Loaded Gun, 80 Rounds of Ammo Brought Onto SF General Leads to Security Changes - NBC Bay Area
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Loaded Gun, 80 Rounds of Ammo Brought Onto SF General Leads to Security Changes

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    NEWSLETTERS

    Security Breach at San Francisco General Hospital Leads to Procedural Changes

    A potential deadly situation was diffused last month at Zuckerberg San Francisco General Hospital after convicted felon was able to bring a loaded 9 millimeter handgun and several rounds of ammunition onto the campus and was able to access the hospitals main facility. The scare led to safety procedural changes to the hospital. Sam Brock reports.

    (Published Friday, March 22, 2019)

    A potentially deadly situation was diffused last month at Zuckerberg San Francisco General Hospital.

    NBC Bay Area has learned that a convicted felon carrying a loaded 9 millimeter handgun and upwards of 80 rounds of ammunition managed to not only bring that firepower on to campus, but also gain access to the hospital’s main facility, Building 5.

    "This actually was a very dangerous situation, and a significant threat to the public safety of the hospital," said Undersheriff Matthew Freeman, the second-highest ranking member of the San Francisco Sheriff’s Department.

    Freeman said an immediate and deft response from deputies, who help provide security services on hospital grounds, ensured the suspect was taken into custody without incident.

    "They used time, distance and shielding which allowed them to render the situation safe," Freeman said. "So, we’re very pleased with the way this turned out."

    The peaceful outcome could have been very different.

    Sedric Reynolds, the 38-year-old suspect booked into San Francisco County Jail on Feb. 7, faces 14 charges ranging from possession of a firearm by a felon, to large capacity magazine activity and possessing a weapon in a courthouse or public building.

    Court documents shed some disturbing details on the events that led to Reynolds’ arrest.

    According to a ‘Statement of the Facts’ in the motion to detain Reynolds without bond, prosecutors write that a witness, "Saw the Defendant point the handgun toward the doors in the hallway and ring the Psychiatric Emergency Services (PES) doorbell to gain entrance."

    The suspect was then "unwittingly afforded admission" to the middle room of a sally port, the documents show, before ultimately being apprehended by deputies.

    Rachael Kagan, a spokesperson for the Department of Public Health and Zuckerberg SF General Hospital, said this incident proves the staff response, hospital messaging and other protocols work.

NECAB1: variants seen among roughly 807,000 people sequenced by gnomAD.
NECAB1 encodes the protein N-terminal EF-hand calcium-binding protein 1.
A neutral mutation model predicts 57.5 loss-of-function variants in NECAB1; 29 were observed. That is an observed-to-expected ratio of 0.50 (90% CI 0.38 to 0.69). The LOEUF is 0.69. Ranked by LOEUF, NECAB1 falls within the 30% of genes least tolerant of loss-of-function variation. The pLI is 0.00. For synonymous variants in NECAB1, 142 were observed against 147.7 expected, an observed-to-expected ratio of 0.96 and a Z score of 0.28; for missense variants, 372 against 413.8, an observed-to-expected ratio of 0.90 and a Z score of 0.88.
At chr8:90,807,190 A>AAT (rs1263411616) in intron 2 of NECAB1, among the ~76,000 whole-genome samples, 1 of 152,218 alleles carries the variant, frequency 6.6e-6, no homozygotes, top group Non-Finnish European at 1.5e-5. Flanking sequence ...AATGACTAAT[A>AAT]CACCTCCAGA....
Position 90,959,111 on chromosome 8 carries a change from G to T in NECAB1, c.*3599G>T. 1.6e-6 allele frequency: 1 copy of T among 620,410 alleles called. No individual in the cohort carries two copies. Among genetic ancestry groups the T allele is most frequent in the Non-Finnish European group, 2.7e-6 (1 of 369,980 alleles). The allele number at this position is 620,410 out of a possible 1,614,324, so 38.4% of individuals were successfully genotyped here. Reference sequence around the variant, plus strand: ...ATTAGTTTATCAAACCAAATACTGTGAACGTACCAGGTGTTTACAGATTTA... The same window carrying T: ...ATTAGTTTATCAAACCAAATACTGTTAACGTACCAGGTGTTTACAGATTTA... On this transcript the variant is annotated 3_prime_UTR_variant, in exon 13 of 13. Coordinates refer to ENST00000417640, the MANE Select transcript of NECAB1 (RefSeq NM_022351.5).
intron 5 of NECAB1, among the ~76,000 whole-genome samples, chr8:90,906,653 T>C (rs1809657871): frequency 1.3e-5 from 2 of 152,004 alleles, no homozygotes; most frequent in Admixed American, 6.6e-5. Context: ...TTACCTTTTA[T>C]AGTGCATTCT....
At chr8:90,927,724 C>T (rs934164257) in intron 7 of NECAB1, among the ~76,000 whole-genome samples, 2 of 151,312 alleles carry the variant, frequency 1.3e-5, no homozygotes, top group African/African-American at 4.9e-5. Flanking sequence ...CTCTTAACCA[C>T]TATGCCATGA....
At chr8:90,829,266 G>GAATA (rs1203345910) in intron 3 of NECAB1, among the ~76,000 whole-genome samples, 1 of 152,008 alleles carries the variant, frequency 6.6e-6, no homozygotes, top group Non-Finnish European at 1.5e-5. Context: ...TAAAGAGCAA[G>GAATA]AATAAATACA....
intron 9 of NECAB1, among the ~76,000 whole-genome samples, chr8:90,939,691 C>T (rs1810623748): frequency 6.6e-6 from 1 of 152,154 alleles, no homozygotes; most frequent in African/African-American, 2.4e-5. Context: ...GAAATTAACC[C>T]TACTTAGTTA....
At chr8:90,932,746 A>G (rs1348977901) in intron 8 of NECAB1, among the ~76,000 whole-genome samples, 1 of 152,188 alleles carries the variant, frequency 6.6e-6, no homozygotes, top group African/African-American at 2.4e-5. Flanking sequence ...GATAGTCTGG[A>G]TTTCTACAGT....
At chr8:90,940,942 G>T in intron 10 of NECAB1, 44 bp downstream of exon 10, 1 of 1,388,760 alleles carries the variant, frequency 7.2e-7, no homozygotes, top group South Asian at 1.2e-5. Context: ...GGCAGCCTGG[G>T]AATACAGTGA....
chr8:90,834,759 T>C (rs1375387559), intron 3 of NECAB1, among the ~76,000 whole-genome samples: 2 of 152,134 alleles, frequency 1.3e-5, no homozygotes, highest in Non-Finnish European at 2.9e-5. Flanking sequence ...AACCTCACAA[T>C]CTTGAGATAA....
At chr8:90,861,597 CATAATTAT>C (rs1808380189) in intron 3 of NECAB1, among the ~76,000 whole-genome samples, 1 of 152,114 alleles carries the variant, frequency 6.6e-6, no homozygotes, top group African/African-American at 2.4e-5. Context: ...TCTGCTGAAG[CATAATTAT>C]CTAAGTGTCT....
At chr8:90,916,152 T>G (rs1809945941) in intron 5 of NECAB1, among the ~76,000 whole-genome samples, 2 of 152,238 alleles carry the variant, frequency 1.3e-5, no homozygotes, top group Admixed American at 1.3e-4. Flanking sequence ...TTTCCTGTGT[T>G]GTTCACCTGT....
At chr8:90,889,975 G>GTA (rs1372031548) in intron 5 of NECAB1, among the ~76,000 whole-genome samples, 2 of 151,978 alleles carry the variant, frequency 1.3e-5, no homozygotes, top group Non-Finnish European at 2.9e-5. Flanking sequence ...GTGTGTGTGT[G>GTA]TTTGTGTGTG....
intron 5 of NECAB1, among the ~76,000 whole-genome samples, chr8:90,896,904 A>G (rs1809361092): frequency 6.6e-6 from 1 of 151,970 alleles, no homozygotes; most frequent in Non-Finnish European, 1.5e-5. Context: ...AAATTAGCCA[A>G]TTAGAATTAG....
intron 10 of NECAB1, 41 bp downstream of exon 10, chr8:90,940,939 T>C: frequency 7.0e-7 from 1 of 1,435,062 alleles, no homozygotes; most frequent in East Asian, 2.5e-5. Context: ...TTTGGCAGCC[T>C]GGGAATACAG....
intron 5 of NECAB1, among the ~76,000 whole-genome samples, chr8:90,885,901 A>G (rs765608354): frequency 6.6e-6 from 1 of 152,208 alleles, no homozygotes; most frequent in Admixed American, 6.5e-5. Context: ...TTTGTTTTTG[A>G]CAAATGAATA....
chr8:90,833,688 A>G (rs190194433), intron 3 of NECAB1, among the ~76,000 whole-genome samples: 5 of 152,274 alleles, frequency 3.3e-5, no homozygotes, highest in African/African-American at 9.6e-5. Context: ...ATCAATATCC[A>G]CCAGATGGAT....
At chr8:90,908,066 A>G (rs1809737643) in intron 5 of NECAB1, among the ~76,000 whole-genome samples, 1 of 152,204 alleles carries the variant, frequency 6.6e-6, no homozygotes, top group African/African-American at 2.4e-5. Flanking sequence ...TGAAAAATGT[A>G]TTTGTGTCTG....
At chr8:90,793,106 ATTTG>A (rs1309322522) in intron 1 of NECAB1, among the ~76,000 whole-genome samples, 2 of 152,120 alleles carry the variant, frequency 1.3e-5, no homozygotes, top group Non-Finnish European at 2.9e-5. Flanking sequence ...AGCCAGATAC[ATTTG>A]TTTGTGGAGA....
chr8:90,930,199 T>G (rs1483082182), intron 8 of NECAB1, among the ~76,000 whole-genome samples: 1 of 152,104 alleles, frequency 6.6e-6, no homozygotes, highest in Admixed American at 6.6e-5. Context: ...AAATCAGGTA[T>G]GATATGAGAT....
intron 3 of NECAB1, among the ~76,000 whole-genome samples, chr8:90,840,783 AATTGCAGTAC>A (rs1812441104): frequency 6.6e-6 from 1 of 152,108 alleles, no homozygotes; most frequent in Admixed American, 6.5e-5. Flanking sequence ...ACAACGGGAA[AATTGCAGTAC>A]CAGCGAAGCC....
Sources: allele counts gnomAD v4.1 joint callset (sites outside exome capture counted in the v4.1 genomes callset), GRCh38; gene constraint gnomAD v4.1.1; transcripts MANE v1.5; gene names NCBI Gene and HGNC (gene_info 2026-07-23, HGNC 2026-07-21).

"'We have really been working to drill down on, 'If you see something, say something,'" said Kagan.

    An emergency services nurse saw the threatening situation unfolding and contacted another witness, urging that person to call 911, "while he would inform uniformed deputies of the lurking danger," per court documents.

    One witness observed Reynolds "toting a black handgun in his left hand," while another described him as "speaking rapidly with dilated pupils," appearing "restless as well as paranoid."

    Kagan told NBC Bay Area that the suspect entered the building through a public entrance off 23rd Street, which only requires security clearance after 8 p.m. Once through that door, however, Kagan said Reynolds did get into another room after "buzzing” for entrance, and then “ducking behind someone who was coming out."

    The situation spawned a security risk assessment by the hospital, and immediate changes.

    Kagan said the interior room in the sally port now contains a camera as well as an intercom.

    The hospital also revised its 'Code Silver,' or active shooter policy, to include any incident that involves a weapon on campus.

    Freeman added the Sheriff’s Department has a Chief Deputy Sheriff and a Sheriff’s Captain that meet with the Department of Public Health, "on a weekly basis to discuss a myriad of issues," including security protocols.

    "It’s a large campus, inner-city hospital and county trauma center," Freeman said, "which poses unique challenges that we’re presented with on a daily basis."

    In his 28-year-long career with the department, Freeman mentioned he can’t recall a similar situation at SF General Hospital.

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